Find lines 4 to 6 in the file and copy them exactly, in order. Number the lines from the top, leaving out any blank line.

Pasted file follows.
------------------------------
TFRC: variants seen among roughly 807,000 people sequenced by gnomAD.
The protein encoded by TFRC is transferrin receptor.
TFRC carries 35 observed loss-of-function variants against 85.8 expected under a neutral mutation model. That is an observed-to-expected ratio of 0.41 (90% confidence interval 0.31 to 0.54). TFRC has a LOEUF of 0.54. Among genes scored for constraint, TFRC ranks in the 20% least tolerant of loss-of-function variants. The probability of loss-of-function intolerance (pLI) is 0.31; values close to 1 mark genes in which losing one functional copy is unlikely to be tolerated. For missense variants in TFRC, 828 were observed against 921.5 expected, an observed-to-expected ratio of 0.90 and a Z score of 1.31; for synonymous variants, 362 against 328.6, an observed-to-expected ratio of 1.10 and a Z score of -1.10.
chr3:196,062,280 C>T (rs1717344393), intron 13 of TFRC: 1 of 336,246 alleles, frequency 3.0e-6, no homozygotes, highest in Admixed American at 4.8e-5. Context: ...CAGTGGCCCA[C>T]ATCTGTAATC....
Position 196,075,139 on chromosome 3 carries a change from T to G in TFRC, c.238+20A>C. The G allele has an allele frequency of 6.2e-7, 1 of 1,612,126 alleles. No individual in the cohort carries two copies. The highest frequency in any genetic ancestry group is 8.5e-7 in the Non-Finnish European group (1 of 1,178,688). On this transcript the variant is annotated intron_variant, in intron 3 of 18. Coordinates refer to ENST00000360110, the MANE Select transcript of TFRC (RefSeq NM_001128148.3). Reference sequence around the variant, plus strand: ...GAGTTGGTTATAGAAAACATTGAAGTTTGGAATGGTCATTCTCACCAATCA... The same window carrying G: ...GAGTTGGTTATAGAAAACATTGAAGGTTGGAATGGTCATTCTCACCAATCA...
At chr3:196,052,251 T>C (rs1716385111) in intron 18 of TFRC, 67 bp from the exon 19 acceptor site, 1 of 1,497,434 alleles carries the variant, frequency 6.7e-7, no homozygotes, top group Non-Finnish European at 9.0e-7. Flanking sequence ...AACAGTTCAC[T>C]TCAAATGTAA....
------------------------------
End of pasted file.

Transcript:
chr3:196,062,280 C>T (rs1717344393), intron 13 of TFRC: 1 of 336,246 alleles, frequency 3.0e-6, no homozygotes, highest in Admixed American at 4.8e-5. Context: ...CAGTGGCCCA[C>T]ATCTGTAATC....
Position 196,075,139 on chromosome 3 carries a change from T to G in TFRC, c.238+20A>C. The G allele has an allele frequency of 6.2e-7, 1 of 1,612,126 alleles. No individual in the cohort carries two copies. The highest frequency in any genetic ancestry group is 8.5e-7 in the Non-Finnish European group (1 of 1,178,688). On this transcript the variant is annotated intron_variant, in intron 3 of 18. Coordinates refer to ENST00000360110, the MANE Select transcript of TFRC (RefSeq NM_001128148.3). Reference sequence around the variant, plus strand: ...GAGTTGGTTATAGAAAACATTGAAGTTTGGAATGGTCATTCTCACCAATCA... The same window carrying G: ...GAGTTGGTTATAGAAAACATTGAAGGTTGGAATGGTCATTCTCACCAATCA...
At chr3:196,052,251 T>C (rs1716385111) in intron 18 of TFRC, 67 bp from the exon 19 acceptor site, 1 of 1,497,434 alleles carries the variant, frequency 6.7e-7, no homozygotes, top group Non-Finnish European at 9.0e-7. Flanking sequence ...AACAGTTCAC[T>C]TCAAATGTAA....